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(08-12-2010)

 

Findings of Ophthalmic Visit to Iceland

Lorna Newman Cert VOphthal BVM&S MCVS

November 2010

 I visited Iceland 12-14 November 2010 at the invitation of Soffia Kwaszenko on behalf of the Shih Tzu Breeders Club to look at their dogs and for any other dog owners who may also wish to have an eye examination.

The eye examinations were carried out under the standard protocol of the KC/BVA/ISDS Kennel club scheme. A standard letter detailing this scheme is enclosed.

I have been a standing member of the BVA Eye Panel scheme for the last 15 years. All examinations included a full examination of the eye and adnexa with direct and indirect ophthalmoscopy and slit lamp biomioscopy following dilation of the pupil with tropicamide drops. Examination of 73  dogs was carried out over two consecutive days.

The results of individual dogs have been submitted to you. The main area of concern was the possible presence of a retinal atrophy condition in the Shih Tzu breed, which had been diagnosed during previous examinations.

From my examinations, four Shih Tzus were found to have abnormalities present which could represent a retinal degeneration type condition. The condition present matches closely the one recently described in Japan (Vet Ophthal (210) 13 ,5 ,289-293  Investigation of fellow eye of unilateral retinal detachment in Shih Tzu Yoshiki Itoh et al ) where not only retinal atrophy but cataract, vitreal degeneration and retinal detachments were present. Two of the affected are littermates and one is an offspring of one of the affected animals. It should be noted that the last affected animal is not related suggesting that this may be a widespread problem in differing breed lines

The ages of the dogs we found to be affected ranged from four onwards. One individual has early retinal atrophy and the others have retinal atrophy with a combination of vitreal degeneration and cataract also. In addition two other dogs were found to have vitreal degeneration alone. As there were no other findings in these dogs at present they could not be classed as affected but monitoring the condition is advised..

DNA samples of these dogs and related individuals were taken for the purpose of DNA analysis and the possible eventual isolation of a gene mutation responsible for the condition. These samples were submitted to the Animal Health Trust Genetics Department at Newmarket.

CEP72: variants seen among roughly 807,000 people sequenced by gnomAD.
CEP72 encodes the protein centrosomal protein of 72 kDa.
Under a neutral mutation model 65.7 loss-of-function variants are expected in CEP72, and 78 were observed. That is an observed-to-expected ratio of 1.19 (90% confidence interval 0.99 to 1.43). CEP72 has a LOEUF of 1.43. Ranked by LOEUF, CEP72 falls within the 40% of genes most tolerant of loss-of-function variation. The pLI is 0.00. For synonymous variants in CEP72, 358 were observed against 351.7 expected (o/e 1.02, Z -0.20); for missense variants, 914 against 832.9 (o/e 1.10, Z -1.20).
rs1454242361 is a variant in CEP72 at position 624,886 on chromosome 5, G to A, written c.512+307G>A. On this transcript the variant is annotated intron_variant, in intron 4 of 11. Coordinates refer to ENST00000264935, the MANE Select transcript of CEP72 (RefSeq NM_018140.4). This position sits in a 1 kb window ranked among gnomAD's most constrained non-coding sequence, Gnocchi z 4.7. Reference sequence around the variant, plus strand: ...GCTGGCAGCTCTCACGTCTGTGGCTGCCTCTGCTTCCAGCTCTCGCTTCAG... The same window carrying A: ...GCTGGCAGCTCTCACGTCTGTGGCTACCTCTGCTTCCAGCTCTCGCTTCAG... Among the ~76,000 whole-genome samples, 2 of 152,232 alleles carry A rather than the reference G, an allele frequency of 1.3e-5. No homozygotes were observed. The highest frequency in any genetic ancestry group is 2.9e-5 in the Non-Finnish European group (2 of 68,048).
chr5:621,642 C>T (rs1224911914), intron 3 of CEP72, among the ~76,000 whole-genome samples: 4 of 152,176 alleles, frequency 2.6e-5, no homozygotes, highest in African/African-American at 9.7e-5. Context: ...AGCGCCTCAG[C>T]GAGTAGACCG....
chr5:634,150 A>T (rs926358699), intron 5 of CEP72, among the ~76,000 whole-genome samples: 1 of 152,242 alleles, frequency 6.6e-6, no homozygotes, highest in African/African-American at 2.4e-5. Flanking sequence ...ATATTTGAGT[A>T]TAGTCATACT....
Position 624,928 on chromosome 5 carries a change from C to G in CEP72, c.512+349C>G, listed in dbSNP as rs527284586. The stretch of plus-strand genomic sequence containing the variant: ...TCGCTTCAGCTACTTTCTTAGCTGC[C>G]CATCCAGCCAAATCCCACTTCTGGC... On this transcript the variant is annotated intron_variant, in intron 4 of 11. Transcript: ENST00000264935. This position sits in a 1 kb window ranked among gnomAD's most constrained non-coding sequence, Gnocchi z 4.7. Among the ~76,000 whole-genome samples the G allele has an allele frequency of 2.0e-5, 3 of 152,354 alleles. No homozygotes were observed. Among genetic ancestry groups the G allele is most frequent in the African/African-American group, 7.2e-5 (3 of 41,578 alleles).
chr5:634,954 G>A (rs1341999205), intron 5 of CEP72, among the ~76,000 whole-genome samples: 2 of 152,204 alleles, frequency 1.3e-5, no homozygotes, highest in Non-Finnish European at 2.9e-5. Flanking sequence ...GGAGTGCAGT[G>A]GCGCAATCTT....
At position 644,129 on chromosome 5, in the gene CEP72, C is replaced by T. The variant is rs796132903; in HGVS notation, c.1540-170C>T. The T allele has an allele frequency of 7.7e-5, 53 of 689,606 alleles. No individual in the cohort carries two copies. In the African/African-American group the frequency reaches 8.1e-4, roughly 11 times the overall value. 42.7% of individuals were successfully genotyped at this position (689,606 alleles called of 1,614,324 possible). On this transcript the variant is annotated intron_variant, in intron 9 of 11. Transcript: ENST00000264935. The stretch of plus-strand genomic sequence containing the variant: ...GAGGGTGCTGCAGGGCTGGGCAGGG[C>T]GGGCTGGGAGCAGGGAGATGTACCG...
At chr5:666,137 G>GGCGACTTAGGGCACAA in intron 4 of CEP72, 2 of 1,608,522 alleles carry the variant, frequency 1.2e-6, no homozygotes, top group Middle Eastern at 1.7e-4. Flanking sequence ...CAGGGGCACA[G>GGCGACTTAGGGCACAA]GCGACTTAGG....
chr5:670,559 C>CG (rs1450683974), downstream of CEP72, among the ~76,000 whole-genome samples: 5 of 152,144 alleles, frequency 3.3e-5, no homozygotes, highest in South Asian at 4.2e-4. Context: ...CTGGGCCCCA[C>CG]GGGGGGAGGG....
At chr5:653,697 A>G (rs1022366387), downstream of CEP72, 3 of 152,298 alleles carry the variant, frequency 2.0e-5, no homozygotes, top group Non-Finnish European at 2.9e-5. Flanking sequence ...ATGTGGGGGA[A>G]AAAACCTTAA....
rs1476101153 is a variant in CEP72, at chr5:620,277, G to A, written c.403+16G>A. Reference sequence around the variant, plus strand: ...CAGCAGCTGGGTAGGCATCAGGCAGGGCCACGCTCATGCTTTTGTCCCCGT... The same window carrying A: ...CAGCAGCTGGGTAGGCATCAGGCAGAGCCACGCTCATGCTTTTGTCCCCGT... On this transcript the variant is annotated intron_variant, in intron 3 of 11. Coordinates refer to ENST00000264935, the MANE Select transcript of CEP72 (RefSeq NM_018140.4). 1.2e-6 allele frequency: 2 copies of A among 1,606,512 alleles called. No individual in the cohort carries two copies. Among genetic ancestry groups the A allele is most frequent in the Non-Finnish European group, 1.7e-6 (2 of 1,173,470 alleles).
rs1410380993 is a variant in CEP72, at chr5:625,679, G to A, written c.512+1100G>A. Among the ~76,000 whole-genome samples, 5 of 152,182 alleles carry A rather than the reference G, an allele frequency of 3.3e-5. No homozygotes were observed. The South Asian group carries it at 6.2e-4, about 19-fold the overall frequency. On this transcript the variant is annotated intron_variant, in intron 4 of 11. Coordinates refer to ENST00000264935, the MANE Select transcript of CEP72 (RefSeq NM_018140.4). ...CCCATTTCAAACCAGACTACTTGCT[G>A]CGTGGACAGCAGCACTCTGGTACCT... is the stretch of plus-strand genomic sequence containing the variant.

I was asked to give some advice on breeding and have consulted the chief panellist in the UK before doing so.

In short, it is not possible to give certain advice on a condition that seems to be an atypical PRA and where the genetics of the condition are not certain.

Affected animals should be withdrawn from the breeding population. Removing all of the offspring at this stage however may well be excluding normal animals from within a restricted breeding population-many inherited conditions are recessive, so that the presence of one normal gene from either parent gives a carrier status ( a normal appearing animal carrying one hidden affected gene). When two carriers (appearing normal) animals are bred together they should statistically produce affected to carrier to clear animals in the ratio of 1: 2: 1.

In view of the fact that there is no certainty that any animals brought in from abroad will be genetically clear and  breeding strategy is very difficult.

This situation requires more information gathering  and more investigation. It would be  a disincentive breeders  to impose breeding sanctions at this stage and probably not justified unless there is clear science to back these up. It is clear however that related animals in particular should be eye screened regularly before any breeding is considered. In the UK there are two schedules of conditions on the scheme Schedule A where the inheritance is known and animals are certified clinically free of these conditions on examination and Schedule B which is for condition we feel may be emerging in breeds and where investigation data gathering is required. The latter schedule would now be appropriate for the Shih Tzu if we find similar problems in UK lines

I am hoping that breeders in the UK will follow the example of Iceland and start eye testing Shih Tzus before breeding. This is a late onset condition, which may be why it is not being picked up in the pet population with owner accepting blindness and eye problems in older animals.

I very much enjoyed my visit to Iceland where I was made very welcome and hope my comments have been helpful.


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